My husband turned 40 at the beginning of July. I wanted a Bacchanalian celebration, cake and lights and streamers and swarms of people, forgetting entirely that this milestone wasn’t about me. The realization would hit me eventually, before too much planning had occurred: he didn’t want a big to-do. Nor did he want, he insisted, anything in particular for his birthday – his wishlist was entirely blank.
I nodded, but had been planning a gift for him anyway – something unexpected and fun, but not so expensive or over-the-top that I couldn’t squeeze something else in should he suddenly decide (as he occasionally did) that there was something he wanted. Predictably, a few days before his birthday, he excitedly told me he’d figured out what I could get him for a present.
“For my fortieth birthday,” he said, with a slight dramatic pause, “I would like you to give away forty things.”
I grabbed my chest like someone in a Spaghetti Western who’d just been shot. I insisted that this was not how things worked. Birthdays presents cannot be negative space. They cannot be the absence of something but the presence of it. They are about frivolity and the unexpected.
“I want you to give away forty things,” he said again. “That is what I want for my birthday.”
My husband would describe himself as a minimalist. I would describe him as a heartless sociopath when it comes to material possessions. I’ve seen him open up cards from his 90-something year old grandparents, smile affectionately as he reads the contents, and then gently fold the letter up and put it in the recycling bin.
“You can’t keep everything,” he tells me often.
“Yes,” I reply. “But surely you can keep some things.”
Before I go any further, let me absolve myself of the inherent accusations of hoarding that will necessarily accompany a request such as his: I genuinely and truly don’t think I have that much stuff. I realize that most hoarders say this, but IT. IS. TRUE. I’m constantly running out of clean underwear, I tell him, which I feel like is a testament to the fact that I don’t have enough pairs.
Still, I will concede: I am far from a minimalist. My adolescent and teen years occurred in the 90s, a decade during which young people were accumulating worthless items with the enthusiasm of squirrels stowing away nuts for the upcoming winter. “Come over and see my sticker/pencil/troll doll collection” young people would say to each other, and then we would silently judge one another on the quality and neatness of entirely worthless caches. Social hierarchies were established on who had amassed the heftiest pile of Lisa Frank accouterments.
“How do you expect me to have friends when my ceramic owl collection is just pitiful?” I tell Rand tearfully. He stares at me for a long time without speaking.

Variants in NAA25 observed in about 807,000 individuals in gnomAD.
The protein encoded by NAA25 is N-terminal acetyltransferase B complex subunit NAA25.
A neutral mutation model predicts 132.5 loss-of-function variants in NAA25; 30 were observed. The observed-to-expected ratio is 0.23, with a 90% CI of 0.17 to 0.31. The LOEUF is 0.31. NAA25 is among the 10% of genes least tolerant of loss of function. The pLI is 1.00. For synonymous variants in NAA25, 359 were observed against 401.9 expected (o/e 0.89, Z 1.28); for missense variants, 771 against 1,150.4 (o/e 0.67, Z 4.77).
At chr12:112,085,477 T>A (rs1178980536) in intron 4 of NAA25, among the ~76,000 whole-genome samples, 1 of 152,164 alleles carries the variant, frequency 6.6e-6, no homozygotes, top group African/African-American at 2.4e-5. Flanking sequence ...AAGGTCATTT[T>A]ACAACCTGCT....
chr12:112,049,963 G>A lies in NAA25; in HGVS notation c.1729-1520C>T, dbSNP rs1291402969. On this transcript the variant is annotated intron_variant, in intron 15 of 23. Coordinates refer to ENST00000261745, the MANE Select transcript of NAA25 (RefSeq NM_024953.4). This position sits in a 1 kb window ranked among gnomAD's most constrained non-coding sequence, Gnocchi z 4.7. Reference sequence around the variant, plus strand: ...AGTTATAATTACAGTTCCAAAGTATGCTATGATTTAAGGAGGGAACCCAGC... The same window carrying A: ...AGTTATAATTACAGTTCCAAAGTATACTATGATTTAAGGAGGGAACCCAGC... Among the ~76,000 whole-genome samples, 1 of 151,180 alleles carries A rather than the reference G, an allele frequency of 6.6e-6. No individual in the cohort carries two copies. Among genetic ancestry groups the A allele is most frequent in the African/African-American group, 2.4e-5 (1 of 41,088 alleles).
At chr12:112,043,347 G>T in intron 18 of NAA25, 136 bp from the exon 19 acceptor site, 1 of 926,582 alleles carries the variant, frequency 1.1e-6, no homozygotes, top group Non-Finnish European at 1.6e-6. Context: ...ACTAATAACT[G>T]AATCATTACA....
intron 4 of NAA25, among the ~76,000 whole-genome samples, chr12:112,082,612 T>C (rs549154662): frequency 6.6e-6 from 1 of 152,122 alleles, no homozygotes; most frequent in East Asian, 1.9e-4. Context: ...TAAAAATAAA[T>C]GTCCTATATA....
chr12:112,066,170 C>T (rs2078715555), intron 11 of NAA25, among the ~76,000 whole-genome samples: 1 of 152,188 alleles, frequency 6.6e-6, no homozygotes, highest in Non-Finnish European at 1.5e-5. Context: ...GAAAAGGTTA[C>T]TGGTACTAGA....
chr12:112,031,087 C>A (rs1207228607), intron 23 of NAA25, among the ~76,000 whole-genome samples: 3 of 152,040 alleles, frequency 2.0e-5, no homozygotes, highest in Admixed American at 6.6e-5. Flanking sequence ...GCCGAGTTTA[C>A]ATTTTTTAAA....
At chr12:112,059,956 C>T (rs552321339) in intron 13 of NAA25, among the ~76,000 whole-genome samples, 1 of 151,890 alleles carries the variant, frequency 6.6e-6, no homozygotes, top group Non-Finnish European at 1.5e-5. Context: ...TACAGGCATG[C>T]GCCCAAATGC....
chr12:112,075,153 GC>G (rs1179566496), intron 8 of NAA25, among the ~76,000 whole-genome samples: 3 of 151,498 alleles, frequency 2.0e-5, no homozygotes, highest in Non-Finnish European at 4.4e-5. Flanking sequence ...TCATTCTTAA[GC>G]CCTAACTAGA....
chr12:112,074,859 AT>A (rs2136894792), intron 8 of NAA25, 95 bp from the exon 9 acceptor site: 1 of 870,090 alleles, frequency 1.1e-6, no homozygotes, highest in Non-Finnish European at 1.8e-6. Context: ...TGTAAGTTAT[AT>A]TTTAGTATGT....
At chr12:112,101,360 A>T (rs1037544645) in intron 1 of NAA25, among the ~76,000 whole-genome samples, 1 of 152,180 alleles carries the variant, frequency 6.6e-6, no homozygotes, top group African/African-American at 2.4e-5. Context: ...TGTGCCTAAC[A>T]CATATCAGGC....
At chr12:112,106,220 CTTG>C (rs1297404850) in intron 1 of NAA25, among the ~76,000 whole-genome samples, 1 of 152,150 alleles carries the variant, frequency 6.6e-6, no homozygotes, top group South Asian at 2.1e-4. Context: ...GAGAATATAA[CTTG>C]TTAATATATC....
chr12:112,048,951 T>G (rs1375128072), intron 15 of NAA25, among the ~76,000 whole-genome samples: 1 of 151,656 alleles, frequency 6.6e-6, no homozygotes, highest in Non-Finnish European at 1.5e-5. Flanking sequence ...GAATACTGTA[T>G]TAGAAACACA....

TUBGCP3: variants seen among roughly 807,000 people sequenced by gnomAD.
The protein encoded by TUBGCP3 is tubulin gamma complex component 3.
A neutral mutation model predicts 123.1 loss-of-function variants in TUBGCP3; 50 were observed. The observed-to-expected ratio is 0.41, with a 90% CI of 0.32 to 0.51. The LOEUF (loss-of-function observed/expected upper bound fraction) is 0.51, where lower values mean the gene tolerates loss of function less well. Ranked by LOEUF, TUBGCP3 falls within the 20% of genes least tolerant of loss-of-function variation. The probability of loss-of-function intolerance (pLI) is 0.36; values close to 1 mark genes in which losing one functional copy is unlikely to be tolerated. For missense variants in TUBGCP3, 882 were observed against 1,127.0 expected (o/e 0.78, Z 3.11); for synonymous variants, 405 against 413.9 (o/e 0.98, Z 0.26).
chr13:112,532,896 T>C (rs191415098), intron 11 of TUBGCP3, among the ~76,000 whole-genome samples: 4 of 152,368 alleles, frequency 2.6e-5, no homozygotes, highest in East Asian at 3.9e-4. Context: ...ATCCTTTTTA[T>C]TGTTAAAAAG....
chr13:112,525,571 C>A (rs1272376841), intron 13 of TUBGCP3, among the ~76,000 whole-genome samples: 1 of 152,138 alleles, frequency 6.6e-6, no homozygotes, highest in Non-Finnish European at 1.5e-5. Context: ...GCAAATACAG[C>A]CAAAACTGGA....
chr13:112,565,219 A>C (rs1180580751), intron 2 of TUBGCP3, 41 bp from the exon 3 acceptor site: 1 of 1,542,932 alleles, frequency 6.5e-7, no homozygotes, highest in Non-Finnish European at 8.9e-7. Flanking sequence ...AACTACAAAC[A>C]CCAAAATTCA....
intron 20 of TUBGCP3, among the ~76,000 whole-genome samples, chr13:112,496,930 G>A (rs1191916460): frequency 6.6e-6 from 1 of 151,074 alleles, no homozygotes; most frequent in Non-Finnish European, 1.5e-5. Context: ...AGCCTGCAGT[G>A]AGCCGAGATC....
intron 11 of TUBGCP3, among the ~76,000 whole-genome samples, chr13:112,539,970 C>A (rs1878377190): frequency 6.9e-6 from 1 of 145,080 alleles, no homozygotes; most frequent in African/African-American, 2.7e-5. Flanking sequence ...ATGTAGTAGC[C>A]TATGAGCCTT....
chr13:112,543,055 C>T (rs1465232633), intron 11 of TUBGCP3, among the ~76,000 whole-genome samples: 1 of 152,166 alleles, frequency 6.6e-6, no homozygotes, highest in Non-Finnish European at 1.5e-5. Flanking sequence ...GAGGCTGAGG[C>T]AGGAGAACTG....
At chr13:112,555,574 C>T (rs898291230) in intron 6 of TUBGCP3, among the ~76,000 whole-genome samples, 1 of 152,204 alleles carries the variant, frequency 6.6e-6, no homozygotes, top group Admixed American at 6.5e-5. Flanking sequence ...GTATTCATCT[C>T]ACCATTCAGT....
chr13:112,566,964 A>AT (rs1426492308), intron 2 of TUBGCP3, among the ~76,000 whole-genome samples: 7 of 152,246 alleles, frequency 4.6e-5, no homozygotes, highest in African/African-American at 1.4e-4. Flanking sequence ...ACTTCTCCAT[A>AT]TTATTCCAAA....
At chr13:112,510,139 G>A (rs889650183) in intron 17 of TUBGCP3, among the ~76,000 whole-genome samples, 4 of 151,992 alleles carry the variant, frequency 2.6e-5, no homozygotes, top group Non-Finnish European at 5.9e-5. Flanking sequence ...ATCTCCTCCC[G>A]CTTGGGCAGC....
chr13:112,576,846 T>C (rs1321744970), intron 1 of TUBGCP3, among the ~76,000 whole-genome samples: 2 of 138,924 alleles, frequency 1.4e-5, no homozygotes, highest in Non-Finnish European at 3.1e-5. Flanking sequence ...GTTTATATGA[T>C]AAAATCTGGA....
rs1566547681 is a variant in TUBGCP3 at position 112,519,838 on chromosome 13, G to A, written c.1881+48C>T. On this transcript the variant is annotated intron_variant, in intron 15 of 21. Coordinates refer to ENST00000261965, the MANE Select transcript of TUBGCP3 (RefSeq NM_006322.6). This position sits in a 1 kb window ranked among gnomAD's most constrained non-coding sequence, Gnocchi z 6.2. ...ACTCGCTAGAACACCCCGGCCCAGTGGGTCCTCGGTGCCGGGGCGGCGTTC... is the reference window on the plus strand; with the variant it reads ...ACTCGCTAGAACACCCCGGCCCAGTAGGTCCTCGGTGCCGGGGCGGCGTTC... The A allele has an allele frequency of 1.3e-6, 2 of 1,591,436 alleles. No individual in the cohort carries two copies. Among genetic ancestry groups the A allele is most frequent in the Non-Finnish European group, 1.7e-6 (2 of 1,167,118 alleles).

“Look,” I whisper to my husband as I throw things into the trash. “Look how I purge.”
“Those things are garbage,” he tells me. “Throwing away garbage is not something to be lauded. It is what you are supposed to do with garbage.”
His request is not unreasonable. Our home is a sprawling thing. Finding 40 items to give away should be easy, but the problem is that I have just purged well more than that recently. I have tossed things from my closet, I have cleaned out my jewelry drawers, I have gone through those boxes in the basement that have remained unopened since we moved. But these things can’t count. They wouldn’t be a birthday present if they did.
And so I start again. This time with objects that I want to keep, but that Rand hates.
I have, in the last few years, developed the delightful hobby of tormenting my husband with photos of objects from the Goodwill, threatening to buy them. Occasionally, but not always, I do – (the inconsistency, I’ve found, creates more anxiety). But sometimes just the threat of buying something is torment enough.
I left the giant mug and demon painting, but bought the chip bowl shaped like a hat. Whenever I used it, Rand would groan like a old door.
“Please,” he said, “Get rid of that thing.”
For his birthday, I finally agree to.
“It should count as more than one thing,” I tell him as I pull it out of the cabinet.
“It counts as one,” he replies. I have married a monster.
“Do shoes count as two distinct objects?” I ask. They do not.
I hold up a free promotional key chain and ask if it qualifies. Rand stares at me blankly. That is trash, he tells me. Why do I even have that? I sigh.
My memory is a vast thing. This should make things easier to throw things out, shouldn’t it? I should retain stories and not things. Instead, objects serve as a sort of external hard drive – I can’t throw them out without recalling why I’ve kept them for this long. I don’t know how other people’s memories work – but fittingly for a child raised on television, mine plays out like a clip show. Here are the earrings I was wearing on the night Rand proposed. The watch he gave me for Christmas, 2001. The program from the show we saw when he took me to New York for the first time. If I close my eyes, I can revisit those moments again and again. If throw those items out, does the memory go with them?
I keep these things, of course. Better not to risk it.
I think about how quickly my stepmother cleaned out my father’s workshop after he died. I think about the desk where he spent so much time and how bare it looked afterwards. I wonder what happened to his things. I think about the fire that tore through my mother’s home, burning all the letters he sent me. I want to tell Rand I’ve given away more than forty things in recent years, but that would defeat the purpose of the gift. Instead, I place the chip bowl into the giveaway pile, along with precisely 39 other items. My husband beams at me, and I stare at his face, trying to remember every detail.